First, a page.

Mr. LANGER: It is all of those things, but it's pop Springsteen. It's Springsteen swinging for the big pop fences without any apology, just saying, hey, this is a fun record that we've made. And it is a fun record. I mean, all those things are there. There's a little bit of politics. There's a little bit of, you know, personal growth and emotion and whatnot, but it's mostly just the a fun pop record. And because of that, you hear all these things on it that you're saying, wait a minute, I've heard that before on the radio from, oh, yeah, Bruce Springsteen. So you're right. That song sounds like any number of songs.
STEWART: It's like "Cover Me" with a little bit of something else thrown in there.
LUKE BURBANK, host:
"Hungry Heart" thrown in. Hey, by the way, our producer Dan Pastoram(ph) was gesticulating from outside the glass to mention he's got a review of this record up on our blog npr.org/bryantpark.
STEWART: Yeah, that's going to be a really unbiased.
BURBANK: Yeah, right.
STEWART: You haven't met Dan yet. Is this a record for speaking - since Dan is a fan, is this a record for Springsteen fans only?
Mr. LANGER: No. I think this is a record for a lot of people that have been turned off by Springsteen recently when he's gone to the spoke phrase, when he's gone through, you know, the sort of super-politically charged record three years ago, I guess, or four years ago with the E-Street band.
This one, you know, is pretty much a straight down the middle if you ever like Springsteen, there's going to be some stuff on here that you like. And it's a real strong, solid Springsteen record that is going to allow him to go tour. And these songs are going to sound great as part of the bigger Springsteen set. And, you know, a lot of people are saying this is just an excuse to tour. Springsteen would do fine touring without a new record.
Mr. LANGER: But these are going to be songs that, you know, will hold up within the context of three and a half or four and a half hour hour, or whatever it is Springsteen show.
STEWART: We're talking to Andy Langer. He's a music critic for Esquire magazine. And you are critical of a Dashboard Confessionals. You want to wave us off this new record? "The Shade of Poison Trees?" What's going on with this?
Mr. LANGER: Well, I mean, I don't know if anybody our age, meaning over 13, was going to be buying this record to begin with. But, I mean, here's the guy who has not reinvented himself over the years. He's a one-trick pony, I mean, you know, this is Chris Carrabba, who may or may not - depending on how you evaluate his career - created emo.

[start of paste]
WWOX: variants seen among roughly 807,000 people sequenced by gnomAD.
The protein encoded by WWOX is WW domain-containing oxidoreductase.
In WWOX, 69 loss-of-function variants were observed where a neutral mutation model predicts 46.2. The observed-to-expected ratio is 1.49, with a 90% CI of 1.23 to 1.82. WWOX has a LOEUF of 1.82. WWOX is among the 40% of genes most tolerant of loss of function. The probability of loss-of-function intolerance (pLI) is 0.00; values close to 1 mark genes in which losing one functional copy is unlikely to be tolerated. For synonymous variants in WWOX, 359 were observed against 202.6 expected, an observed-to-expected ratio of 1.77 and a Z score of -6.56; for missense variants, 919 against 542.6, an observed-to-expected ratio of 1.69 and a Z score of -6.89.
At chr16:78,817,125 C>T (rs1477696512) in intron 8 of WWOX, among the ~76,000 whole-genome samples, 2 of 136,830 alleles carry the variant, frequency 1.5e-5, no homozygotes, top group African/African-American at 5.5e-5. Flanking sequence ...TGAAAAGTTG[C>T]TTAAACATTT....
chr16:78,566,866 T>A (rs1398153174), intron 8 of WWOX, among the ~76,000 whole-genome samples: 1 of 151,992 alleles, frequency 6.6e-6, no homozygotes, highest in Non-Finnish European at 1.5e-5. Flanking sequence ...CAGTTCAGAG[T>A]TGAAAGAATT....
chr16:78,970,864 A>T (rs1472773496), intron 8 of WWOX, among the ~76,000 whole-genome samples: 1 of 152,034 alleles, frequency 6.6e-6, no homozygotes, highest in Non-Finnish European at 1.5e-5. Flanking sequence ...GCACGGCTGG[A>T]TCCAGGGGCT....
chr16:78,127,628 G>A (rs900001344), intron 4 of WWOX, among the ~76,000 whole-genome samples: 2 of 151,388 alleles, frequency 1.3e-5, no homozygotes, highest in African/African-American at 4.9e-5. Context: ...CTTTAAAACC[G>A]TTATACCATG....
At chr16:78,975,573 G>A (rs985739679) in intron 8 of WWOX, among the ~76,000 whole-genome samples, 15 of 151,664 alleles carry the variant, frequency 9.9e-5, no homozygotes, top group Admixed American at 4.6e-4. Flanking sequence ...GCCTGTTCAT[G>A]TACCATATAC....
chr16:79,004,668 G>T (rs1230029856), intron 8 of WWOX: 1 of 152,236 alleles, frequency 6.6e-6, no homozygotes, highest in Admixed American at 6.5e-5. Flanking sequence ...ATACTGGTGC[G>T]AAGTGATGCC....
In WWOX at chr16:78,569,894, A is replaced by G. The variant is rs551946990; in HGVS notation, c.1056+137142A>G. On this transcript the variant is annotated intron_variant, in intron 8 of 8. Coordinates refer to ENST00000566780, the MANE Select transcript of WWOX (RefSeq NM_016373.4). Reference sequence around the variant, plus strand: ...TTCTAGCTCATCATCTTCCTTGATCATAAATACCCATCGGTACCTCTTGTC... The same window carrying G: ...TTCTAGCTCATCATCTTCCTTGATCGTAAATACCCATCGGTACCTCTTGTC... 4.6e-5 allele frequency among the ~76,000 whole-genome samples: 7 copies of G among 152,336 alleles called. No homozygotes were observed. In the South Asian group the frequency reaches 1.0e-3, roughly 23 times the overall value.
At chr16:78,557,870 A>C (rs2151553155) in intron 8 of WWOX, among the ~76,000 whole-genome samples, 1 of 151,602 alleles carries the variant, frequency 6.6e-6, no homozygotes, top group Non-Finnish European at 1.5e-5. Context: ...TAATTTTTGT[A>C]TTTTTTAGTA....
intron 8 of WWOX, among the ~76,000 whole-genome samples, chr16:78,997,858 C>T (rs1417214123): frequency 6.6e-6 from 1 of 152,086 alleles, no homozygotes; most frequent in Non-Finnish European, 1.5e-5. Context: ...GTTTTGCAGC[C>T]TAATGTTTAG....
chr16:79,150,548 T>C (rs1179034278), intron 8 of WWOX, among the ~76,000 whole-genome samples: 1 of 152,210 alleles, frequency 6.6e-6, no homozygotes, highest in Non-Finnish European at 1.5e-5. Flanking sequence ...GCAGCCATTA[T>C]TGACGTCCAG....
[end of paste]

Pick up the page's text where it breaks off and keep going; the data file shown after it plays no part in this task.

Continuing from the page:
Then again, you know, he's got that sound. He's done it a variety of different ways within the same thing. He's a one-trick pony. This is an acoustic version of the same thing he's been giving us for however long. And there's really not much here that is going to surprise you that you're going to find interesting or, you know, that is anything beyond just another Dashboard Confessional record.
STEWART: Well, let's let folks listen to it for a minute. In keeping what you just said in mind, this is from "The Shade of the Poison Tree," the title track from the new Dashboard Confessional release.
(Soundbite of song, "The Shade of the Poison Tree")
Mr. CHRIS CARRABBA (Vocalist, Dashboard Confessional): (Singing) If you knew, what I know, would you try? Is there time?
STEWART: Next on "One Tree Hill…"
(Soundbite of laughter)
STEWART: I understand if you don't like this and you happen to end up listening to it, you don't have to listen to it for too long. Andy, it's a really short record.
Mr. LANGER: Yeah, it's like 33 minutes and, you know, if this was the Radiohead system, you know, you could pay probably 75 cents for the whole thing and get your money's worth.
STEWART: Andy Langer is a music critic with Esquire magazine. He joins us regularly on THE BRYANT PARK PROJECT.
Nice to talk to you, Andy.